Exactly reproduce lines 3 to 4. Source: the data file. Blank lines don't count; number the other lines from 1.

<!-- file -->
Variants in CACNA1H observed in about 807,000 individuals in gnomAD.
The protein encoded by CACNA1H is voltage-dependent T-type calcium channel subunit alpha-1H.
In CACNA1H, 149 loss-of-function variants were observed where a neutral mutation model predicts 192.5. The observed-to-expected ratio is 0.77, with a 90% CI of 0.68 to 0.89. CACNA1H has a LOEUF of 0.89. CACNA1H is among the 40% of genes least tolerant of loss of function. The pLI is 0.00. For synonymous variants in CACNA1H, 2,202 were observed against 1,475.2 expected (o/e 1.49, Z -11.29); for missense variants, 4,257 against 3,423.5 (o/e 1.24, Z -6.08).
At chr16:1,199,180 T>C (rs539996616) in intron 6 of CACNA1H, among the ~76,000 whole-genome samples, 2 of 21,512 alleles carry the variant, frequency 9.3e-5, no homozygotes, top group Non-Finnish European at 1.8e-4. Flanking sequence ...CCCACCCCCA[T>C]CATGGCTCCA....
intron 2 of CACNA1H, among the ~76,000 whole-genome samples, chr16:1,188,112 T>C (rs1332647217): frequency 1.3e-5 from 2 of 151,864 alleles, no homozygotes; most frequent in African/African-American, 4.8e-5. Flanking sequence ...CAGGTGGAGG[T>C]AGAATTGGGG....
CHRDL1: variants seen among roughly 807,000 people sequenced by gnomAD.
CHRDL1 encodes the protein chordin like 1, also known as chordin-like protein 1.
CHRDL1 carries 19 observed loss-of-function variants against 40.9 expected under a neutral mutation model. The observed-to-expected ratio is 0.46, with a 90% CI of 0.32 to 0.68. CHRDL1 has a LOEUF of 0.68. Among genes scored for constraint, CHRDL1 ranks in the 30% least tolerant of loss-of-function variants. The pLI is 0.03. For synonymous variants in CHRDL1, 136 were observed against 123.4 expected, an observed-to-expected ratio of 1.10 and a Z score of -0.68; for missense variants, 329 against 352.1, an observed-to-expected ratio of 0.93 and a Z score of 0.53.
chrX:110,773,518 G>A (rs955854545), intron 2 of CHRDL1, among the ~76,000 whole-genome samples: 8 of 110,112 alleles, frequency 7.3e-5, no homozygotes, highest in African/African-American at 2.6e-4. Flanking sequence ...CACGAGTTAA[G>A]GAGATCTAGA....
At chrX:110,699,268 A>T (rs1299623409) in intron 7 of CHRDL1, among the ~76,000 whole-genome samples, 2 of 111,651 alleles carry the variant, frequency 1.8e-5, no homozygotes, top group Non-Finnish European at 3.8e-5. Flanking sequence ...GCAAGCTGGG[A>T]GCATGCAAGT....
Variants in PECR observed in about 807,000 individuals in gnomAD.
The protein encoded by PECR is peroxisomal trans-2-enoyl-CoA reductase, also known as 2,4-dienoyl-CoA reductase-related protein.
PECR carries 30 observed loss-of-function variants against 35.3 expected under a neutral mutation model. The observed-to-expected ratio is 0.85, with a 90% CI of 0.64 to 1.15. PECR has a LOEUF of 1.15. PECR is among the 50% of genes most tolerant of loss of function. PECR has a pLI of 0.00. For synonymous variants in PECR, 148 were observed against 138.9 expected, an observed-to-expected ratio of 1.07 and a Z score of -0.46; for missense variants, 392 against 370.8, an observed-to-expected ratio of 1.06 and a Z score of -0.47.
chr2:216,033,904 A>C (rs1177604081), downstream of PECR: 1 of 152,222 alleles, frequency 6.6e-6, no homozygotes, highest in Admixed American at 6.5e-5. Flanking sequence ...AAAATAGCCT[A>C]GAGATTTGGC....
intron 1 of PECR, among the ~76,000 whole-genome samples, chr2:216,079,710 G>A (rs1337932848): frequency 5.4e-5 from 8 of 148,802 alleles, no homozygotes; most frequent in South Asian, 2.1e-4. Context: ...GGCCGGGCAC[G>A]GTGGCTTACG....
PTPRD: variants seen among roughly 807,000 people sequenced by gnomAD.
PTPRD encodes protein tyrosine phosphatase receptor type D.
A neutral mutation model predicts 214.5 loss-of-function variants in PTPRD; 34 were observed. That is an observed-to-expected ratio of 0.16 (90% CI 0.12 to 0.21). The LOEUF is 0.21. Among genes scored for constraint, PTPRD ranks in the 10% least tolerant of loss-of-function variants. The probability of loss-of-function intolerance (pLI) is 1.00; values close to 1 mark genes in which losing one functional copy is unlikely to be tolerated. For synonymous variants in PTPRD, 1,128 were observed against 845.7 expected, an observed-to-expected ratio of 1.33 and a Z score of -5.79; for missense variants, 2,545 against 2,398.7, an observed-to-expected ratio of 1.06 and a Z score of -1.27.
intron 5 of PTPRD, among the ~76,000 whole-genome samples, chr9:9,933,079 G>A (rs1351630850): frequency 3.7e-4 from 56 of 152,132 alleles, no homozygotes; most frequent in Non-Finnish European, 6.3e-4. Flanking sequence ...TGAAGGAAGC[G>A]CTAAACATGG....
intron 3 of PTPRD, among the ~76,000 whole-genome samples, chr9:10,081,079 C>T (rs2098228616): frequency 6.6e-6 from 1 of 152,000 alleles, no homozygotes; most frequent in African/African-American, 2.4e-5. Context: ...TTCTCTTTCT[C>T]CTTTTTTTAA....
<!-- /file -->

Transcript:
In CACNA1H, 149 loss-of-function variants were observed where a neutral mutation model predicts 192.5. The observed-to-expected ratio is 0.77, with a 90% CI of 0.68 to 0.89. CACNA1H has a LOEUF of 0.89. CACNA1H is among the 40% of genes least tolerant of loss of function. The pLI is 0.00. For synonymous variants in CACNA1H, 2,202 were observed against 1,475.2 expected (o/e 1.49, Z -11.29); for missense variants, 4,257 against 3,423.5 (o/e 1.24, Z -6.08).
At chr16:1,199,180 T>C (rs539996616) in intron 6 of CACNA1H, among the ~76,000 whole-genome samples, 2 of 21,512 alleles carry the variant, frequency 9.3e-5, no homozygotes, top group Non-Finnish European at 1.8e-4. Flanking sequence ...CCCACCCCCA[T>C]CATGGCTCCA....